Maria Manonelles (Ibiza, 1996) used a single pencil to portray his stay in a psychiatric hospital. He considered using pencils of three different colors to illustrate the experience, but discarded it for pragmatism: every time he had to sharpen the pencil, he had to ask the medical staff for permission. Any sharp object, any object that can be used to kill yourself, is forbidden in the acute hospitalization unit of the Health Park of the Sea, in Barcelona.
"I had to draw because I have a bad memory. He told me that every detail was very important, that I had to write it down, "says Manonelles in his apartment in the Gracia neighborhood, a flat shared with three other people, two cats and a hamster. Manonelles self-published a first version of I sleep a lot, and now the editorial Fragile Movement he publishes it expanded. The story is hard, but with a dose of humor, such as the words the author writes to close the book, after five weeks entered: "They threw me out because they need beds. And I sleep a lot. I stole the pajamas. "
Manonelles draws at the beginning of I sleep a lot eight figures that look like manikins twitched, to show their outfits but also the nudity in the hospital, and to give an account of their predilection for that pajama: "They gave me a very big blue pajamas, and since I was very low-cut and in the unit very cold, they offered me a bandage to finish closing my shirt. Although the pajamas were uncomfortable to sleep on and I had to fold my pants so as not to drag them on the floor, I liked to wear it. I have always liked to wear uniforms at work and had not yet had the opportunity to wear the official uniform of crazy"
They recognize me 45% disability. Others would take it badly, but it is good to recognize your limits, you live better if you do it. If you do not assume your limits, you will stick it
Manonelles was diagnosed with mixed personality disorder, as well as anxiety and depression. She received this December 24 what she considers a gift, her disability card of the Generalitat: "I will have free studies, discounts on transportation … I am recognized as 45% disabled. Others would take it badly, but it is good to recognize your limits, you live better if you do it. If you do not assume your limits, you will stick to it. " Manonelles discovered his limits in the summer of 2016. He worked eight hours a day in an audiovisual company and in the afternoon he attended his drawing studies at the Escuela Massana. "Peté because I'm not able to maintain a normal working day," says Manonelles. By petar it is understood what she exposes in two pages of I sleep a lot: "My head could not and could not, could not, could not, can not, my head, no, can not, I do not know what to do, I can not, I can not, I can not". Before admission, her psychologist had asked her to draw her feelings while suffering from anxiety attacks. Manonelles builds a scene superimposing all those drawings. The result is a cloud of darkness that engulfs the protagonist.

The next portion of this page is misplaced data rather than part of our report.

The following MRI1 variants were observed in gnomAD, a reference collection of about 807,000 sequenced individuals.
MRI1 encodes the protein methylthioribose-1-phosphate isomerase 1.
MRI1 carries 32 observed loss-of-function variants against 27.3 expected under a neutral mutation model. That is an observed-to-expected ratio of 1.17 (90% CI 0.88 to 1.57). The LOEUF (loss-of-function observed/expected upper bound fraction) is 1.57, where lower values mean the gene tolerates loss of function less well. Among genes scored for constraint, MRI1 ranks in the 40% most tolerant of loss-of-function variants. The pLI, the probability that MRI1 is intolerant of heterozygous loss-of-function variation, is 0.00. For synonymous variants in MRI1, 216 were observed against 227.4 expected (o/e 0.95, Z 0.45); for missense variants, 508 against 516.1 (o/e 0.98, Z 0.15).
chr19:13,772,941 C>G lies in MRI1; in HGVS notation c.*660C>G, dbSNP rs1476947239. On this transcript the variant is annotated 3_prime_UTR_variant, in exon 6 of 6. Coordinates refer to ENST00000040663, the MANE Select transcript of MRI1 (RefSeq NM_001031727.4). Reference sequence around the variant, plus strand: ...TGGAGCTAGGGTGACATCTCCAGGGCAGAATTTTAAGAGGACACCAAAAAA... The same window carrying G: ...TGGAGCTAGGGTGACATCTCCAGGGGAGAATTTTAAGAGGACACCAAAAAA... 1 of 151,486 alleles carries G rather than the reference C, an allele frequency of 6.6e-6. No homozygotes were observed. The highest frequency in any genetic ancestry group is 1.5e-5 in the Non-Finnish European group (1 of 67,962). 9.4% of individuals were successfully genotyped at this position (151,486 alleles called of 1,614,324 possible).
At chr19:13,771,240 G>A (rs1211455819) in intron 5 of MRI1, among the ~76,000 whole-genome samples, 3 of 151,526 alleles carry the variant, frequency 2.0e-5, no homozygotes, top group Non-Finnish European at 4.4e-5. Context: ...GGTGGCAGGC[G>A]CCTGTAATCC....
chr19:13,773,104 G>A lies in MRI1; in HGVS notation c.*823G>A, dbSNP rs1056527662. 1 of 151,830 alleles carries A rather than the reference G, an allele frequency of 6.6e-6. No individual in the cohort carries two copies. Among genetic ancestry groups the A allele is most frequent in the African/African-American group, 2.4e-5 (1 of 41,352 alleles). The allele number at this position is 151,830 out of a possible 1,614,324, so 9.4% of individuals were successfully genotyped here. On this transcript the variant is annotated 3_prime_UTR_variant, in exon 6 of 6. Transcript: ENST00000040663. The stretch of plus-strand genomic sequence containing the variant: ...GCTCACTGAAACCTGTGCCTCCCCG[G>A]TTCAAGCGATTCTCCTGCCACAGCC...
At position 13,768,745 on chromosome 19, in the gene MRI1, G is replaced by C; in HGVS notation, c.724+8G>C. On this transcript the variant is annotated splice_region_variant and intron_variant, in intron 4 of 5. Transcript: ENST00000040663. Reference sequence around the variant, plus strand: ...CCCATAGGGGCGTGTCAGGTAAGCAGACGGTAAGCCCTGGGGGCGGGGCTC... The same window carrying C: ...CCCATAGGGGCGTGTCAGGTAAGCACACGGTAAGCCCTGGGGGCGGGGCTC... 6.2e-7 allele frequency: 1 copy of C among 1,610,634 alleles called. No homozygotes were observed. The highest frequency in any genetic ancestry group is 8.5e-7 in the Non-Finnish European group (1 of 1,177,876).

Manonelles later introduced blue details into the book. White, black and blue are the colors of I sleep a lot because they are the corporate colors of the Hospital del Mar. He became so used to blue and white that after leaving the center, he bought Ikea objects of these colors for his home. The majority of drawings were made during his admission. Those who created later seem to have a more stylistic and less emotional will. Like a prickly pear that symbolizes the letters sent to him by his grandmother from Ibiza. His grandmother told him about nature, about his childhood and about an optimistic future: "I had to foresee that a lady who collects stuffed animals and hangs them on trees and garden plants to recreate a forest would write something different to me." Manonelles raises another book from the letters with drawings and cuts that his grandmother sends him.
I sleep a lot also serves to reflect on the thin line we use to differentiate between what normal and the abnormal. Her parents, divorced, visited her together during the admission, in a strange family unit; in the two daily hours allowed to leave the center, his mother hunted Pokemon with the phone while they were walking along the sea front; another inmate managed to entertain her by collecting advertisements for household appliances that they found in the press copies that the hospital had.
Manonelles only loses a smile during the interview, when the journalist loses an expression of compassion. The book begins with the illustration of two armchairs similar to the dentist's work chairs. They were "comfortable" chairs, says Manonenlles, those that had sea views in the unit. Behind the seats grow two shadows: "They represent what people do not see of mental illness." His interlocutor regrets it, but she cuts short, blunt: "Nothing to feel sorry for, it's worse."
Maria Manonelles is engaged in a second job, about women in the Catholic Church. He has made spiritual recesses in Montserrat, studies the lives of nuns and saints. The objective is to create a sort of feminist santoral, approaching its history in a different way to what we usually find in museums, says Manonelles. He gives as examples to Saint Dimpna, who was a hermit in Geel (Belgium) and where still today people with mental illness go on pilgrimage, or to Saint Eulalia: "Art always portrays the martyrdom of Saint Eulalia, I would prefer to show the epic moment in which, As a child, she stands before the Roman governor for having forbidden Christian worship. "